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Aussie Jumps, Euro Lifts, Korea Cuts….

Friday, October 12, 2012 3:39 AM GMT

Good Morning ,


- Aussie Jumps, Euro Lifts, Korea Cuts….

- Australians get to work and the euro bounces back…The euro rose against the dollar for the first time in four days on Thursday, after the head of the International Monetary Fund said that indebted euro zone economies should have more time to cut budget deficits, overshadowing a downgrade of Spain's credit rating.

-Christine Lagarde, the International Monetary Fund managing director, said she favored giving debt-burdened Greece and Spain more time to reduce their budget deficits because cutting too far and too fast would do more harm than good.

-Lagarde's comments were seen supporting stability in the euro zone and reducing the risk of Greece exiting the 17-member bloc.

-"Better-than-expected economic data yesterday morning out of the United States, in particular much better-than-expected weekly jobless claims numbers, added to the overall improved mood throughout financial markets."

-Australia's latest jobs report beat expectations handily, and the Australian dollar jumped.

- Aussie, reversed earlier losses and climbed to its highest since Oct. 2 at $1.0294, after the country's employment rose more than expected.   

-The number of Americans filing new claims for unemployment benefits fell to 339,000 last week, the lowest since February 2008, according to government data, suggesting big improvement in the labor market.

- Eur/usd:The euro (0)rose 0.5 percent to $1.2930. It had fallen to $1.2824 earlier in Asian trade, the lowest since Oct. 1, after Standard & Poor's cut Spain's sovereign credit rating to BBB-minus, just above junk status, with a negative outlook.

-All high-yield currencies rose, not only due to Christine Lagarde supportive comments, but also because of the unexpectedly sharp fall in job claims for U.S. and the great jobs report from the Australia side.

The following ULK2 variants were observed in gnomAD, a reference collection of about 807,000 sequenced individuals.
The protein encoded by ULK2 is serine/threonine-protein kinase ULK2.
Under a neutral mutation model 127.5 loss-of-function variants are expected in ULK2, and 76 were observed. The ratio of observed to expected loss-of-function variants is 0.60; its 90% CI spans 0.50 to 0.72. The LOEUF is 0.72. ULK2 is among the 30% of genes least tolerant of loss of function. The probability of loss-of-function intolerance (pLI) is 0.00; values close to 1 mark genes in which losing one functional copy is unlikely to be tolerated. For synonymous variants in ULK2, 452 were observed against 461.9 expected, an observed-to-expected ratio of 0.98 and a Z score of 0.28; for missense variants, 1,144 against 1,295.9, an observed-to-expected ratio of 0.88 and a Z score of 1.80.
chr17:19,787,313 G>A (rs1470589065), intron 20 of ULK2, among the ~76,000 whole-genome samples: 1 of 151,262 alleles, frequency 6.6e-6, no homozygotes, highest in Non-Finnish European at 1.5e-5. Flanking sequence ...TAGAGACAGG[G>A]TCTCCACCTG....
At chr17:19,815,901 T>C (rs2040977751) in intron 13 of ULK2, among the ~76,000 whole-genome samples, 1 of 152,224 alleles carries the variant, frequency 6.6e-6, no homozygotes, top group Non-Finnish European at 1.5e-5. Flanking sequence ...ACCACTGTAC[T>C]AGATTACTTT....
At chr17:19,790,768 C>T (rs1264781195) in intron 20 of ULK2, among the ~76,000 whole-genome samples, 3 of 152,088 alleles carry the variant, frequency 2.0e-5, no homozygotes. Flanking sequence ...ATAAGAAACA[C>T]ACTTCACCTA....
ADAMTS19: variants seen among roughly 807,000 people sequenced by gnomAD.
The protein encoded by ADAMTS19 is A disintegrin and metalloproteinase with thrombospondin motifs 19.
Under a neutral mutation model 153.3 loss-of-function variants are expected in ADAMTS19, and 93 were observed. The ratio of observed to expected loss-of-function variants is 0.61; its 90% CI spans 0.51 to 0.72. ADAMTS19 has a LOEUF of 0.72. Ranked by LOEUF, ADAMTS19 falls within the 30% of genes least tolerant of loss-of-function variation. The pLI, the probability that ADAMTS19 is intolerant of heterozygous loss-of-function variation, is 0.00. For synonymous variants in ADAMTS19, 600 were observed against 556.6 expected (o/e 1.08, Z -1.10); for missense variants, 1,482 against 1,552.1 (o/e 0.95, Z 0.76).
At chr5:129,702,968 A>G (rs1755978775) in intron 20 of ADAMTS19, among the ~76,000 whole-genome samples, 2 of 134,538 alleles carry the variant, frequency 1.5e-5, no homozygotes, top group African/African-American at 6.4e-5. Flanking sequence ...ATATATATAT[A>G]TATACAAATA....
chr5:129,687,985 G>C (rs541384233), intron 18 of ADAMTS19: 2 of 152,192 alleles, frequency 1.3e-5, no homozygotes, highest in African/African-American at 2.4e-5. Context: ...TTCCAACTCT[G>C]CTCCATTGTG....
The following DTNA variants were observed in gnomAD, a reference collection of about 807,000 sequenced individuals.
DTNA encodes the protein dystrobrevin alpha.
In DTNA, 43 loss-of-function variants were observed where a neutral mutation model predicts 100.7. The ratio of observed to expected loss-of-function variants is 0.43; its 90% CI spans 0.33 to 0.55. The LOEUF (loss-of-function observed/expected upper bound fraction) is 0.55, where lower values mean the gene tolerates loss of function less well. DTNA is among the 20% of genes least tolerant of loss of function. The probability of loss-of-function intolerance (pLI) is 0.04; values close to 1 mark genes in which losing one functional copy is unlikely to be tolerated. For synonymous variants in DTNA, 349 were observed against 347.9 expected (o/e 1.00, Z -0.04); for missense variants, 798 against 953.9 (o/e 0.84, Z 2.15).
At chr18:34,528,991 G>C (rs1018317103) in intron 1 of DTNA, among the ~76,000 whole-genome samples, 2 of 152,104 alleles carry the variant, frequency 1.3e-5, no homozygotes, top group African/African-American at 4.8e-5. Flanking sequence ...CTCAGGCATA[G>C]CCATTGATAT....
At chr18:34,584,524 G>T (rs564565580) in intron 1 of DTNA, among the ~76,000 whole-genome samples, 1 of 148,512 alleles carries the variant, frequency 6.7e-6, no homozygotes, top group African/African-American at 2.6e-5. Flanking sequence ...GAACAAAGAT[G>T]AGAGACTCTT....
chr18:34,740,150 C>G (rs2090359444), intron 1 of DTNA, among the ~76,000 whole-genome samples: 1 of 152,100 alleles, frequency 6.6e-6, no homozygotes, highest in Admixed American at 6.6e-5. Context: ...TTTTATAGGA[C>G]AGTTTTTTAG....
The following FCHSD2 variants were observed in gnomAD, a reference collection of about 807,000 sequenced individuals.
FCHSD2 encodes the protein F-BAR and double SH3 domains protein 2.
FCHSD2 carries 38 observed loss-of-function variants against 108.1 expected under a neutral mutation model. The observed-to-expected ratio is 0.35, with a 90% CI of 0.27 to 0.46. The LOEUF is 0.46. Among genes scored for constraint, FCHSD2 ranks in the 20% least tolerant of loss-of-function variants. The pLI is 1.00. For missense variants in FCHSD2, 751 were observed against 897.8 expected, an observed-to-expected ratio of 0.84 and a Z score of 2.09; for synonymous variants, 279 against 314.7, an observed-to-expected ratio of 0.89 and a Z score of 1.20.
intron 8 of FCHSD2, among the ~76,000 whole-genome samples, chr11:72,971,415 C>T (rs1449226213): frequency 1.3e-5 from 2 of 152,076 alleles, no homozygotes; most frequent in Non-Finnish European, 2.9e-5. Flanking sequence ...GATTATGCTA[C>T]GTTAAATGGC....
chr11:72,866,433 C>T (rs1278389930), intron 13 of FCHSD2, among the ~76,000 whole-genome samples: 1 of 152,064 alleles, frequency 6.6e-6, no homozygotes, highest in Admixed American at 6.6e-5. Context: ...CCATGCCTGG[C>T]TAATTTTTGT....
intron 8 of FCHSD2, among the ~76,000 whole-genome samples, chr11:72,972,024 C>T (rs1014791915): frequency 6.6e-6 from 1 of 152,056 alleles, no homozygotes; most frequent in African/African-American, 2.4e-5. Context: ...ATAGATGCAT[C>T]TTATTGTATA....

- The euro also drew technical support after failing to break below its 200-day moving average around $1.2822.

-The Bank of Korea cut interest rates and sharply lowered its economic growth forecast, and the won slipped before ticking higher.

-UK's PM Cameron said UK's economic recovery is taking   longer than anticipated.

-The yen also weakened as speculation grew that the Bank of Japan may take action to curb yen strength. Japan's newly appointed finance minister, Koriki Jojima, said further yen gains would pose major downside risks to the Japanese economy.

-The dollar gained 0.2 percent to 78.31 yen andthe euro rallied 0.6 percent to 101.26 yen .

- Also, Japan's PM Noda said his government will act against any disorderly gains for the yen.

-  The FED Beige Book report note "widespread improvement" in housing which has helped increase economic activity since August. Manufacturing conditions were mixed but "somewhat improved" since the prior report.

- FED'S PLOSSER: Predicts 'steady improvement' in labor market, and sees 'gradual decline' in U.S. unemployment rate. 

- Fed's Bullard expects GDP growth exceeding 3% next year. He says U.S. housing 'doing somewhat better'.

-USD lost ground to almost all majors except JPY in yesterday's trading. CHF beating USD the most, up 0.522%.

-US 10-year bonds declined; yield rises 1.9bps to 1.69%.

-Also, Germany 10-year bonds extended decline; yield climbs 1.6bps to 1.51%.

-The Swedish crown fell to a three-month low against the euro after Swedish inflation data came in below economists' forecasts, supporting expectations a rate cut could be imminent. The euro was last up 0.5 percent at 8.6680.

-EURCHF:  Might build more and more clues that dynamics have changed, and that EUR/CHF is ranging above 1.20 with upside toward 1.22 or even higher.

-Greece's biggest company, Coca Cola Hellenic, is leaving the country, the drinks bottler said on Thursday as its move to Switzerland and a London listing for its shares dealt a blow to the crippled Greek economy.

-EADS and BAE have terminated merger negotiations after the UK, France and Germany failed to agree on how much influence they should have over the combined entity. London, Paris and Berlin blame each other for not backing the tie-up.

-IMF, World Bank urge China, Japan to overcome differences.


Have a nice day !

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